hands of the negotiating team. We don't want to set conditions on the


government. Europe will know that and will harden their stance


immediately if they know that the government has to achieve something.


Right. These are the arguments that have been set out before. We show


our hand completely, we won't get the deal that we want. You accept


that? Absolutely. You will not see an amendment from the Labour Party


which says we want to see your negotiating tactics. We will be


making probably five very reasonable amendments that I hope the House


will adopt. We want to see a plan. We have had a speech. Do you want to


see a White Paper? That would be great. If it is less than a White


Paper but still fulfils the function of a plan, we would settle for that.


We want certainty around EU citizens, certain principles around


maximising free-trade, the Customs Union, that the Prime Minister


outlined herself in her speech. We want parliamentary oversight and a


vote before the end. Most of those things the Prime Minister has


already said she accepts. I do not see why the government would want to


obstruct our amendments. You have been clearer about what Labour pots


position would be in terms of Article 50. Are you convinced by


your labour colleagues? You will not get every Labour MP to vote in


favour of triggering Article 50. Will there be a width? That is way


above my pay grade! There is the small matter of the party


leadership, the shadow Cabinet, the Chief whip. If you are quite firm as


part of the Brexit team on issues like freedom of movement, invoking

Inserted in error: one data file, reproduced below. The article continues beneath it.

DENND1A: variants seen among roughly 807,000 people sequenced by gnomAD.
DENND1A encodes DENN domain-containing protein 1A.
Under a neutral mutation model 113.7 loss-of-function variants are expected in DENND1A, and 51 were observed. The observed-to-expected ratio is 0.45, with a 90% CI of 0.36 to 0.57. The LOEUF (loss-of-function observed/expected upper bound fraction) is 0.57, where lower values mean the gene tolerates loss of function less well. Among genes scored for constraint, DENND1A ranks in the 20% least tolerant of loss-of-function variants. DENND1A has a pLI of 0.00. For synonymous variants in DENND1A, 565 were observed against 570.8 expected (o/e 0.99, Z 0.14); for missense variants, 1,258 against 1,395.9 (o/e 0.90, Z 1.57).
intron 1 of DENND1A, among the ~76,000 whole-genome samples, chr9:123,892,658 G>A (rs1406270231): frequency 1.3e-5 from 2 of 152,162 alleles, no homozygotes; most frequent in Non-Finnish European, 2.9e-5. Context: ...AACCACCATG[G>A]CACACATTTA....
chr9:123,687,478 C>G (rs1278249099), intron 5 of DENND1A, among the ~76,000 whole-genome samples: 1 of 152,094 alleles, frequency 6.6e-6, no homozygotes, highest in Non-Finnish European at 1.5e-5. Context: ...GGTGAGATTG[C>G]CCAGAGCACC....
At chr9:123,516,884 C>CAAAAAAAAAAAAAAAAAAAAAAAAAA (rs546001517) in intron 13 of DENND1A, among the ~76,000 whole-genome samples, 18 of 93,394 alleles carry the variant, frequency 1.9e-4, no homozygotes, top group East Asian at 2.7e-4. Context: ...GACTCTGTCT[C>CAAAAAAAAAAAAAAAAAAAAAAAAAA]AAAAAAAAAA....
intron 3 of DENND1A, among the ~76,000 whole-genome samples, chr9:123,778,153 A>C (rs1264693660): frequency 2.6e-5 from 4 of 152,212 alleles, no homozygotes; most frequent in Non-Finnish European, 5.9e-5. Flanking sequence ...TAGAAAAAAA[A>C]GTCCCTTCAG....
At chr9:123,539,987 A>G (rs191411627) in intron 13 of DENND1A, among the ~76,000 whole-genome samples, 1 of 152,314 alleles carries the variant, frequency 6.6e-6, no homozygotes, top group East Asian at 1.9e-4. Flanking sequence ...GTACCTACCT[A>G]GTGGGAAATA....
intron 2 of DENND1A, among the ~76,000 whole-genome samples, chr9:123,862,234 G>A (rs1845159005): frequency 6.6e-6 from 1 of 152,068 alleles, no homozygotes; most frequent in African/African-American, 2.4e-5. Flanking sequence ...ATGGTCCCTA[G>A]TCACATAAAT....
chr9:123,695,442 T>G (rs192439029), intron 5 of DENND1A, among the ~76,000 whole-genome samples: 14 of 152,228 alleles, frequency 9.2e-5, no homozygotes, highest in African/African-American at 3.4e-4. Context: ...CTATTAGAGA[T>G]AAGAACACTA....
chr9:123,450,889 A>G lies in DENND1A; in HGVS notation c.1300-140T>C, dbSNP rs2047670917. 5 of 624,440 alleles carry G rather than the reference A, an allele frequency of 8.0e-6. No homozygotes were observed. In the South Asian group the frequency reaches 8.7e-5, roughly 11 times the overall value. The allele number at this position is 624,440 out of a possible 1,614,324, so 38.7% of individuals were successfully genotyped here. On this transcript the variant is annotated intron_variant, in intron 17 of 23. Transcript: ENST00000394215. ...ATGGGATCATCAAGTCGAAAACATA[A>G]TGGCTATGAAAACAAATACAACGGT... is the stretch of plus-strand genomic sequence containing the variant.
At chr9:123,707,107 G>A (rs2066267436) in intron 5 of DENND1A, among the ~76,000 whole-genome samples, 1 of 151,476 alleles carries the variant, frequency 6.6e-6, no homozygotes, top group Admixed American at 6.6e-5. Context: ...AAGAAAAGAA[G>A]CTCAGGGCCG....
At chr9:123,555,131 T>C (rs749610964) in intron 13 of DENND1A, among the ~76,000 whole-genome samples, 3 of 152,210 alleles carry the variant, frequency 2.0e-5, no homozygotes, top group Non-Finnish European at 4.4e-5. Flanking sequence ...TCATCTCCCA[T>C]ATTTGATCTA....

Article 50, should there be party management to whip Labour MPs? It is


not up to me. Whatever we do, whether it is a three line whip, it


is academic and away. There are MPs I know who, whatever working


arrangements you put in place, are not going to vote Article 50. One of


them was on the programme yesterday. You are split on this issue as we


used to say the Conservatives are. We are not, really. It's different.


It is nothing like what you have seen over decades in the Tory party.


The referendum has put Labour MPs in positions where they are on


different sides of this argument. But we respect one another pots 's


edition on this. We are very understanding. --'s position. We saw


IDS and Ken Clarke going at it hammer and tongs this morning on TV.


I was a Maastricht rebel, so I remember! When it comes to the vote,


I think what you will see is with probably the single exception of Ken


Clarke, all Conservative MPs will vote to trigger Article 50. The


Labour Party will probably go in three different directions. Thank


you. Donald Trump's had a busy few days,


and so far it's going well for him. His proposed Secretary of State has


been given the green light by the Senate, and he's formally


withdrawn from the Trans-Pacific But not everything is


going according to plan. So our question for today


is, what's gone wrong? At the end of the show John


will give us the correct answer. Over the last year or so, strikes


on Southern Trains have wreaked havoc on rail travellers


in the south east of England. The row over who should operate


the doors on new trains has re-opened the debate


about whether our strike laws need toughening, and today,


Conservative backbencher Chris Philp is introducing a bill to the Commons